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Gangster who mysteriously fled Turkey faces extradition from Kosovo

According to Dönmez, Peker is currently held at a police station in Skopje, North Macedonia's capital city. He also writes that Peker was arrested at the request Turkey by Macedonian police. 

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Reis Sedat Peker, a Turkish mafia leader, was arrested in North Macedonia and will be extradited to Turkey via Kosovo, exiled Turkish journalist Ahmet Dönmez reported on Monday.

According to Dönmez, Peker is currently held at a police station in Skopje, North Macedonia’s capital city. He also writes that Peker was arrested at the request Turkey by Macedonian police.

Local Macedonian news outlet Koronos described Pekerhttps://en.ukraynahaber.com/2019/03/19/pro-govt-mafia-leader-calls-for-arming-of-muslim-turks-after-new-zealand-attack/ as a “reputed drug lord” residing in the country and that he was accused of trying to contact drug traffickers there.

Peker had some notable high-level enemies inside Turkey including Berat Albayrak, President Recep Tayyip Erdogan’s son-in-law, and Alaatin Cakici, a mafia boss close to Devlet Bahceli, Erdogan’s coalition partner. He was previously imprisoned during the Ergenekon trials in 2013 and sentenced to a ten year long term, but he was released like many other defendants months later when the cases collapsed.

The gangster fled the country under a cloud of suspicion. He had dismissed reports that he fled due to legal troubles, saying he relocated to the Balkans to pursue business endeavours. Dönmez, the Turkish journalist, however alleges that Peker may have fled because of the dispute between him and Albayrak, who sought to have him arrested, pushing him to emigrate.

Convicted crime boss Peker denies fleeing Turkey amid legal trouble

Sedat Peker, the convicted leader of a criminal organisation in Turkey, has dismissed reports that he fled the country due to legal troubles, saying he relocated to the Balkans to pursue business endeavours.

The hard-line Turkish nationalist took to Instagram following reports in Turkish media that he was being sought by police.

“I haven’t committed any crime to be wanted [by police]. I have no problem with the police of the Republic of Turkey, ’’ Peker wrote on Instagram on Monday, captioning a photograph of himself standing before a Turkish flag.

“I am on Balkan land,’’ the 48-year old said. “If God so allows, I will complete my university education and receive my degree. I have completed residence permit requirements in some countries for my business projects.’’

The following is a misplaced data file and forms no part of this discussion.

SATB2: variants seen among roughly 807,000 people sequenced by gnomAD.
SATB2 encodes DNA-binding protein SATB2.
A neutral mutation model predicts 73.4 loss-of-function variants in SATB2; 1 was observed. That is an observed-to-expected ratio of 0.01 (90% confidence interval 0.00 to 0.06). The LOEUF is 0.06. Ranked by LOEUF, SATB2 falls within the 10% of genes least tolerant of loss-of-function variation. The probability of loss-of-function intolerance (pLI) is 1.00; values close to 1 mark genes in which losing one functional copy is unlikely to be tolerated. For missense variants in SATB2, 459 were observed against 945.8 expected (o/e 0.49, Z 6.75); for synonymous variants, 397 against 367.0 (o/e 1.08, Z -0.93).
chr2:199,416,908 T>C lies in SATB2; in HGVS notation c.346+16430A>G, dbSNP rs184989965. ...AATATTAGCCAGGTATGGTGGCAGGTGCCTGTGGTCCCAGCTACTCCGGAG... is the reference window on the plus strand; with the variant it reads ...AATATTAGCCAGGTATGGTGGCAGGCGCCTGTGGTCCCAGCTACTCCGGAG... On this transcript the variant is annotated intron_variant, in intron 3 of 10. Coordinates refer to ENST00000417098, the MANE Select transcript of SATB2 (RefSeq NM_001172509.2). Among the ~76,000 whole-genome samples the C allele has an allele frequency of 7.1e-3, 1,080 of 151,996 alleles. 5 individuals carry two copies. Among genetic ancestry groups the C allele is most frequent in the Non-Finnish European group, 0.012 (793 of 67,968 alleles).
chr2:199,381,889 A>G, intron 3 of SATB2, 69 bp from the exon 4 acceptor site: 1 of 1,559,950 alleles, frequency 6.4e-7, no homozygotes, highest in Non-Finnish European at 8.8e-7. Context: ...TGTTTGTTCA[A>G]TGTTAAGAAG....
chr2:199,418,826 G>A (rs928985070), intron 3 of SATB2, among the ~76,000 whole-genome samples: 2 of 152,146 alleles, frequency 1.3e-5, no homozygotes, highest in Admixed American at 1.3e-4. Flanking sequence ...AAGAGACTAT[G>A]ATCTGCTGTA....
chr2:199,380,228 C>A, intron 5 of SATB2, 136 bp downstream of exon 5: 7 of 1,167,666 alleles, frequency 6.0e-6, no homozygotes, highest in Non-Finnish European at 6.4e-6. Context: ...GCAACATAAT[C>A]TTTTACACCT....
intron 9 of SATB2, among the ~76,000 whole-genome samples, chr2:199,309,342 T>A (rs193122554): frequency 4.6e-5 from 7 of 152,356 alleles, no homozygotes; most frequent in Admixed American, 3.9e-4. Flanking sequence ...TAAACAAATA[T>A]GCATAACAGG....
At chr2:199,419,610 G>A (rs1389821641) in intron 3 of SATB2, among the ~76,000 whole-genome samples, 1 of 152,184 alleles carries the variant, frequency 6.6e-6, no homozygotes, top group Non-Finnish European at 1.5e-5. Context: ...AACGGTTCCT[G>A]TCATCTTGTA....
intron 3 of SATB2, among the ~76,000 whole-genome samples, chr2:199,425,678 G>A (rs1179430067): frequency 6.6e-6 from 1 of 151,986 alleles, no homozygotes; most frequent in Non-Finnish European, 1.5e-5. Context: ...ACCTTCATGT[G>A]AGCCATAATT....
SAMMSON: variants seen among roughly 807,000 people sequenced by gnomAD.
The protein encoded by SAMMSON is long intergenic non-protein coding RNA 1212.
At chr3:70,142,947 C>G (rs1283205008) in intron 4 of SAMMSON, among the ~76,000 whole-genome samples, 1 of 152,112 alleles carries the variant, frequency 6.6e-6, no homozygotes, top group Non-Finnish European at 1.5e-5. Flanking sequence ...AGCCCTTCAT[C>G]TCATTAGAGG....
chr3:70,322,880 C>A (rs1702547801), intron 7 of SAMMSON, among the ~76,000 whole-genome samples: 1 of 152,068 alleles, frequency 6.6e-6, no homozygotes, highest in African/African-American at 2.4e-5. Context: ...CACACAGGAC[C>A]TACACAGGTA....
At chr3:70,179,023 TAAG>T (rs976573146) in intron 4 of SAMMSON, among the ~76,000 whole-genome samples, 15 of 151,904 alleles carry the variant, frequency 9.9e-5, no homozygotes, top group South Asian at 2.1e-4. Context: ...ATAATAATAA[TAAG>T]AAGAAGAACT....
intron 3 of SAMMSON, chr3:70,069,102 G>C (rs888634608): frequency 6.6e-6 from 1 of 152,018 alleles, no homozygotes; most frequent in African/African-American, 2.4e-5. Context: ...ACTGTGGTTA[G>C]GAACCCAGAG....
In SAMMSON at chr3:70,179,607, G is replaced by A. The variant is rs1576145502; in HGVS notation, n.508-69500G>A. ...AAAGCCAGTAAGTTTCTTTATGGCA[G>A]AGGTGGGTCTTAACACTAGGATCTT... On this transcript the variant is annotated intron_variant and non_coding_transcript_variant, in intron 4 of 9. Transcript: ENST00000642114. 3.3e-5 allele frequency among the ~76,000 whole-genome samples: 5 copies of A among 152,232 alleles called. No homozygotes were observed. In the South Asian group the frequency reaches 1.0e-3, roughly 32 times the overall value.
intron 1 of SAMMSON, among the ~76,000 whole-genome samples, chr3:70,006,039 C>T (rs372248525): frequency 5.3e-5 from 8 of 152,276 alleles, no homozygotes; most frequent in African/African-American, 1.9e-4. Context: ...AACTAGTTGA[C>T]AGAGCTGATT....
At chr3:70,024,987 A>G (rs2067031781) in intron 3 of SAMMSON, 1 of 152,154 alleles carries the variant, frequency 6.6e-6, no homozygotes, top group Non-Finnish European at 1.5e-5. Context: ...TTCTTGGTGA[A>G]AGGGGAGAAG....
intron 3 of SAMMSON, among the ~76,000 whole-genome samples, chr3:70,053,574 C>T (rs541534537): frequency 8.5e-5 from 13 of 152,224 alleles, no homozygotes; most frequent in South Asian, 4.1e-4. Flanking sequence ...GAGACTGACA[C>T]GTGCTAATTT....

Bu gönderiyi Instagram’da gör

 

SEDAT PEKER (@sedatpeker)’in paylaştığı bir gönderi

Peker also addressed rumours that he had divorced his wife.

“I smiled bitterly when I read news that I had fled to Montenegro and divorced from my wife,’’ Peker wrote.

Peker, twice convicted in Turkey of crimes including leadership of a criminal organisation, has been an outspoken supporter of President Recep Tayyip Erdoğan since his release from prison in 2014.

The crime boss made headlines for calling for the violent death of a group of Turkish academics who signed a petition in January 2016 calling on Turkey to de-escalate the conflict with Kurdish armed groups in the country’s southeast.

Convicted Turkish crime boss to give pro-Erdoğan speech at rally

Sedat Peker, a convicted leader of a criminal organization in Turkey, has announced he will join a rally one week before the June 24 elections and give a speech in support of Turkish President Recep Tayyip Erdoğan.

The elections are of crucial importance to Erdoğan, the front runner in the first presidential election under a new system that grants the president vastly enhanced executive powers.

Peker, a hard-line Turkish nationalist known for using violent rhetoric, announced on social media that he would be speaking at an event in the eastern Anatolian province of Elazığ to commemorate Turkish military casualties on Jun. 17.

Peker’s announcement included lines urging his followers to ensure that Erdoğan is reelected, though he insisted in a later Twitter post that the rally would not be a political event.

Twice convicted in Turkey of crimes including leadership of a criminal organization, Peker has been an outspoken supporter of Erdoğan since his release from prison in 2014.

When Turkish academics signed a petition calling on Turkey to deescalate the conflict with Kurdish armed groups in the country’s southeast in January 2016, Peker responded by threatening to “let (the academics) blood in streams and watch (them) drown in it.”

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